Out of curiosity, I was wondering how important it is to have the audio of a Japanese native speaker when learning vocabulary. Does it affect you being able to recall the vocabulary word when listening and speaking as you are just reading rather than hearing the word or does it not really matter as you may to be recall the word just by reading it?
Well it’ll obviously help listening recall. But I think there’s two main reasons here.
1.) Language learners often have problems with vowel length and the Sokuon. The more you listen to it the better it gets, the difference between しょ and しょう is important.
2.) Getting used to pitch accent. Yes there is that script somewhere, but being able to identify it in speech is a different story.
Yes. Some words can only be distinguished by the pitch in the hiragana/katakana. Look at the differences between rain and candy, both pronounced “ame” but they pronounce the “a” and the “me” differently.
Listening to someone speaking Japanese with a foreign accent and listening to someone with a Japanese one feels totally different, at least to me I would much prefer someone speaking with a good accent and making some occasional mistakes here and there than someone with perfect vocab and grammar, but with a weird accent.
The more senses you tickle, the better. The kanji/jukugo in itself and the mnemonics help create visuals, but hearing it/saying it out loud create sounds you may recall. You often see the lessons inviting you to say things out loud, because sounds create memories too, and that means more anchors to retrieve a reading/meaning.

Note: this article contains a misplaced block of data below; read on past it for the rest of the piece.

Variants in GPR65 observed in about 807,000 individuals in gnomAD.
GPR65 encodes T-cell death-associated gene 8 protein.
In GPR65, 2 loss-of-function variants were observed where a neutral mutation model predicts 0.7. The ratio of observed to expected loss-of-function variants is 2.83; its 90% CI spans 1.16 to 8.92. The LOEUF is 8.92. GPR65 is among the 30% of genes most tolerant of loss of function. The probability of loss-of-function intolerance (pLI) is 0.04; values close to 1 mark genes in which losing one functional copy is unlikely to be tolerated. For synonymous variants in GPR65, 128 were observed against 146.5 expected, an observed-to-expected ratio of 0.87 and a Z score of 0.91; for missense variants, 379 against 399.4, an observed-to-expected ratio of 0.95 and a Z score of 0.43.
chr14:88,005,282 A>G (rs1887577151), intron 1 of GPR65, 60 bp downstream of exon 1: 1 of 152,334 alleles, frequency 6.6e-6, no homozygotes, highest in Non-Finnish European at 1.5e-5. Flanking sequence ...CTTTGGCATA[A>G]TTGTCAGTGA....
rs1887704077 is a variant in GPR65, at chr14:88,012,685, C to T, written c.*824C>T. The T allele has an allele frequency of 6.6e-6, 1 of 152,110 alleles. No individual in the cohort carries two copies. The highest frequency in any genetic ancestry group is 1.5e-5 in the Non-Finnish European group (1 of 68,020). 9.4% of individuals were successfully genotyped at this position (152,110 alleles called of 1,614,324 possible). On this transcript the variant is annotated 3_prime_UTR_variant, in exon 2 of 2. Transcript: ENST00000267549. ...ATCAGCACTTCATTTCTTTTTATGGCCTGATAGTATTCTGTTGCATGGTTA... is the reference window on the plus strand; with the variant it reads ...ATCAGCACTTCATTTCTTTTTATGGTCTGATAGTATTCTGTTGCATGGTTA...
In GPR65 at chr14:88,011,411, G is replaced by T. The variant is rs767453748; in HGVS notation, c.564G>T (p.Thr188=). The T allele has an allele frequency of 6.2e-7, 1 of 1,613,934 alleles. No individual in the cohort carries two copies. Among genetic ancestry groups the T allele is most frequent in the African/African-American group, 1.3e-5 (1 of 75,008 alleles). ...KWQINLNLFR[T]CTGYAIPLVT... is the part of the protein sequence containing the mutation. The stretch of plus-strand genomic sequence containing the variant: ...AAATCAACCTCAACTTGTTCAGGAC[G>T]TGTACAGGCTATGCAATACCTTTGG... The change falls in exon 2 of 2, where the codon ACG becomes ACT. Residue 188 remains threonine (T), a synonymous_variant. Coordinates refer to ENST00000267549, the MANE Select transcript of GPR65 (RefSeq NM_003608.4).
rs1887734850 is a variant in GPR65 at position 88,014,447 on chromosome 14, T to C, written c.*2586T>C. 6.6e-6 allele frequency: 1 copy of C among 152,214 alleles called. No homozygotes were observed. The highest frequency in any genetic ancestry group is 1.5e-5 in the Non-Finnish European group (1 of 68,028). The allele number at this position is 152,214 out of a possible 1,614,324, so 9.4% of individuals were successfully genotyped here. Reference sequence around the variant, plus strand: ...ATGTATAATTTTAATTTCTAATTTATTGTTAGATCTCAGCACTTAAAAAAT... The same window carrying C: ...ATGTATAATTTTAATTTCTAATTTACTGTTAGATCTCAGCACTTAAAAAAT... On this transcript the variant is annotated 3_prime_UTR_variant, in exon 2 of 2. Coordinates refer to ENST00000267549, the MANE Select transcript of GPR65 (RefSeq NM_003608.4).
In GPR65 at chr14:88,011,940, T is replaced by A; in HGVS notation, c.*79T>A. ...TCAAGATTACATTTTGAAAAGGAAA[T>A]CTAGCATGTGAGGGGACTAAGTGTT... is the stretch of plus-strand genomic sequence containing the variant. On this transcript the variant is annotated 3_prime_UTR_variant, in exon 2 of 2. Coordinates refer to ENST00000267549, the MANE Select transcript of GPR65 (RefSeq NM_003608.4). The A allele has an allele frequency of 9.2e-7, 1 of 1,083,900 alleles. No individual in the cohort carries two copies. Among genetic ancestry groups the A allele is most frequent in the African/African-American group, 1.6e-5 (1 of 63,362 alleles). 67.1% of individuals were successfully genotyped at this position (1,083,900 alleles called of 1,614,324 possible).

It is important that you hear it as pitch accent will become very important to listening comprehension as the speech you listen to becomes more complex. If you don’t know the pitch accent of vocabulary words that you believe you know, you may not recognize that word in a spoken sentence and as it could become jumbled up with the other words around it. So, if you don’t listen to speech you could end up with a large vocabulary that you can use, while not being able to understand other people.
This reminds me of when my japanese teacher says しょう and I right しょ and then he repeats しょう as if the difference is obvious if he just repeats himself. I’ll get it though!
lol i remember those days. Ours was:
" 来てください ” (kite kudasai)
” 聞いてください ” (kiite kudasai)
There are different types of learning out there, and using several senses at once is definitely good advice. I’m a more “visual” learner, but have to find that out by yourself.
There is an inspiring TED talk from a “tactile” learner who discovered his real ability